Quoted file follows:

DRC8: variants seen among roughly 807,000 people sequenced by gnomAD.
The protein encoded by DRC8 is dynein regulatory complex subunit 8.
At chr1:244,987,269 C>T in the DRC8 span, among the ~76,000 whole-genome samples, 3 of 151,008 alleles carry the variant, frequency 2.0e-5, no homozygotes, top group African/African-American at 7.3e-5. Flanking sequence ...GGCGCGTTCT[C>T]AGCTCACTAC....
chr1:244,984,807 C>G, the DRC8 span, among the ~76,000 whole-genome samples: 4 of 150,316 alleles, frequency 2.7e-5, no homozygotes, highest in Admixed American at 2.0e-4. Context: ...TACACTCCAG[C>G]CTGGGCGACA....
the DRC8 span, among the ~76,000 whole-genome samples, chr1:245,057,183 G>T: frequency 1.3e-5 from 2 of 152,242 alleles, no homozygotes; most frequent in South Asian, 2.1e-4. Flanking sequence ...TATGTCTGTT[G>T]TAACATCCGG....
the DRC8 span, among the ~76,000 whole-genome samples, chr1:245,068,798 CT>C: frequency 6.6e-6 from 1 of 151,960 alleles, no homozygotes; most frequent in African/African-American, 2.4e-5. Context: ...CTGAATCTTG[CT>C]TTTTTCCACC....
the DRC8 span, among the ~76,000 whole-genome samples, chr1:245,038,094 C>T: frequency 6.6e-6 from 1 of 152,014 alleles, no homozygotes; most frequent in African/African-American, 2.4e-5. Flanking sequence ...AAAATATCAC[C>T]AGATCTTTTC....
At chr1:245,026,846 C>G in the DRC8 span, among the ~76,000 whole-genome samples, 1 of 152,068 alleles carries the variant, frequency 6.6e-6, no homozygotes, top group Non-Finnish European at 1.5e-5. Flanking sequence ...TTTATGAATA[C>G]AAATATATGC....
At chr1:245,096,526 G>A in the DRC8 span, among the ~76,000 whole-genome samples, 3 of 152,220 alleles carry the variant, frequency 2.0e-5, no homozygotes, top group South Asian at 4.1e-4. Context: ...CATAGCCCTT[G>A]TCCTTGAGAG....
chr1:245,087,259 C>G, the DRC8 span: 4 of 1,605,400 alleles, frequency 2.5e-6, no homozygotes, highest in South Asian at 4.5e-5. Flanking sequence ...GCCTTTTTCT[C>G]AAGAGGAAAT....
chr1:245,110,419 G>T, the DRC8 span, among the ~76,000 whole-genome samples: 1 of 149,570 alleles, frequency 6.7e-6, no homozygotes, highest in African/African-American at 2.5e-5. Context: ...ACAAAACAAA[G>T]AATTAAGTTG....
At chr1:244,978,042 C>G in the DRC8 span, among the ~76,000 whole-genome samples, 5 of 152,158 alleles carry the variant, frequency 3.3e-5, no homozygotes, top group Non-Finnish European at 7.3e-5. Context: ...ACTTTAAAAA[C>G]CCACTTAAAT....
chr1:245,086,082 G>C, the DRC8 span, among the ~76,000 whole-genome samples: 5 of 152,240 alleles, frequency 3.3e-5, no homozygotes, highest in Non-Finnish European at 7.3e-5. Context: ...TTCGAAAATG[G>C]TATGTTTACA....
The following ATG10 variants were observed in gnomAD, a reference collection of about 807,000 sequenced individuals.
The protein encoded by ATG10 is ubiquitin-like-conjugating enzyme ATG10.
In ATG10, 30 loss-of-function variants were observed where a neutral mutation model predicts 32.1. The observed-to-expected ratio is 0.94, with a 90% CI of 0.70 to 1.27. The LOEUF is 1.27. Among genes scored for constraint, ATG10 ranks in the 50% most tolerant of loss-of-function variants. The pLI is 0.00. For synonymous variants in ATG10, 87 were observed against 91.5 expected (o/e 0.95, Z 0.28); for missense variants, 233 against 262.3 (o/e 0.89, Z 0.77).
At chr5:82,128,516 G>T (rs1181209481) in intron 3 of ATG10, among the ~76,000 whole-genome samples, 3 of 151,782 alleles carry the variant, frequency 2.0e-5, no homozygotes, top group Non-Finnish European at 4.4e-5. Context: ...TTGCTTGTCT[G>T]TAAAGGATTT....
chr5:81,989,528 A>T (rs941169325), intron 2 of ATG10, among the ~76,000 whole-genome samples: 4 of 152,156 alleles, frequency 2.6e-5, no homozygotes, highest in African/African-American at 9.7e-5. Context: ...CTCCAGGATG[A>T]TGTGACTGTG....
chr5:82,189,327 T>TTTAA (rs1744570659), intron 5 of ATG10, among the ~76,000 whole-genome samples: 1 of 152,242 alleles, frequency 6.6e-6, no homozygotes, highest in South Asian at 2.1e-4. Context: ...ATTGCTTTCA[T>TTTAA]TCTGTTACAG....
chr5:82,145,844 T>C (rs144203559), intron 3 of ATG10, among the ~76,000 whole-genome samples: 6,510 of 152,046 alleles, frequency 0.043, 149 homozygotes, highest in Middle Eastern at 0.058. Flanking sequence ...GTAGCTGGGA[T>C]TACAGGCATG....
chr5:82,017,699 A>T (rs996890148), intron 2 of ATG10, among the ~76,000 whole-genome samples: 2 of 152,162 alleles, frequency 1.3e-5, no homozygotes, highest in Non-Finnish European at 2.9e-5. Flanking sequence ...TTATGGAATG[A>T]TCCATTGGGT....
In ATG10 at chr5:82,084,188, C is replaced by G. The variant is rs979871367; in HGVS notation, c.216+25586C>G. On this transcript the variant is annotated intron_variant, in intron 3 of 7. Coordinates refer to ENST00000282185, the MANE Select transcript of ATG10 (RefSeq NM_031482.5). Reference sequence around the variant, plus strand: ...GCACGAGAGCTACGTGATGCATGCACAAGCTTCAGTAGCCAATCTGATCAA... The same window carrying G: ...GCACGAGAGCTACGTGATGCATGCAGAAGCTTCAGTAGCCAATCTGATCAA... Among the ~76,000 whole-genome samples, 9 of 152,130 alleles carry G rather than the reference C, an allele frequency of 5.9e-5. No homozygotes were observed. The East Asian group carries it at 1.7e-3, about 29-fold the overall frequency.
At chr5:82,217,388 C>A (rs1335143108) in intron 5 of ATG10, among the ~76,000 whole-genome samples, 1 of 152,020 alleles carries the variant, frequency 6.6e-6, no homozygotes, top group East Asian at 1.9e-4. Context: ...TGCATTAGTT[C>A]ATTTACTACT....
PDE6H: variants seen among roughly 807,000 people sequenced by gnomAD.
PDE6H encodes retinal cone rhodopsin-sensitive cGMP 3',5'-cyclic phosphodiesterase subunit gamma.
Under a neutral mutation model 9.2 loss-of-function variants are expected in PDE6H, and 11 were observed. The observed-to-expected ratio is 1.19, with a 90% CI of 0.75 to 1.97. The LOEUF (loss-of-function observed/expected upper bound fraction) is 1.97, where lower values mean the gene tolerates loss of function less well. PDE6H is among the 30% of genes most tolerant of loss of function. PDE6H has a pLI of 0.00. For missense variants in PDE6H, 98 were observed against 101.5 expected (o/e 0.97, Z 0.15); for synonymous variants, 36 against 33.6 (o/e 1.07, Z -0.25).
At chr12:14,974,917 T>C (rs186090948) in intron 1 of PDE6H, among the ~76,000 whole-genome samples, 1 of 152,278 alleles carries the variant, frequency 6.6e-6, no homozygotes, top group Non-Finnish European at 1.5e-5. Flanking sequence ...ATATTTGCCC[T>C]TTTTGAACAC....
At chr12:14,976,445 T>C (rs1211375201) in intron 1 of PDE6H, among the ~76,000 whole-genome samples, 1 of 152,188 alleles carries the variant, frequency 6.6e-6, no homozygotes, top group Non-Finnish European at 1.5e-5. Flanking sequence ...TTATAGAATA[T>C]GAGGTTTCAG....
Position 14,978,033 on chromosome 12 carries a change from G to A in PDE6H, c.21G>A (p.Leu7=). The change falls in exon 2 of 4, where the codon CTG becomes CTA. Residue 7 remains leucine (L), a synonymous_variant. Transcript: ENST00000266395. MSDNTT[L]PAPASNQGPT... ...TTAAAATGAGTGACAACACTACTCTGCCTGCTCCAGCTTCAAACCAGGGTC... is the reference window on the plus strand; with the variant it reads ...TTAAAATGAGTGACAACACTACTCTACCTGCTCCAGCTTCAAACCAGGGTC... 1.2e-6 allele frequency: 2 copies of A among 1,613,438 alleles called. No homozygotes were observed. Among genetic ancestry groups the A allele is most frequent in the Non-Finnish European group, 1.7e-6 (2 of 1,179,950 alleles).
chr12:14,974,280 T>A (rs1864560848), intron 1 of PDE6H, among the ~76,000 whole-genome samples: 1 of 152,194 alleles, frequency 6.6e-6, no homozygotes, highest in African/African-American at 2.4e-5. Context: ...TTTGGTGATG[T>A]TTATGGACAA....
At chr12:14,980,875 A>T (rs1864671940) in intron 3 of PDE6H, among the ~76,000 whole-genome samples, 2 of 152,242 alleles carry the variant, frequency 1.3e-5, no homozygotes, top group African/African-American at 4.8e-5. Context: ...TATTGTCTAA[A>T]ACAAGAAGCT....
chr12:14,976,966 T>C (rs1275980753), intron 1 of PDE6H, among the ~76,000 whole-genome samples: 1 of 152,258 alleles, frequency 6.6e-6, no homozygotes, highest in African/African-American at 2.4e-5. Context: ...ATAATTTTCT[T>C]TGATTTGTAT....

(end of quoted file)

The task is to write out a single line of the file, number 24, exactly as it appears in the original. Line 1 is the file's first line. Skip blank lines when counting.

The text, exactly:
PDE6H: variants seen among roughly 807,000 people sequenced by gnomAD.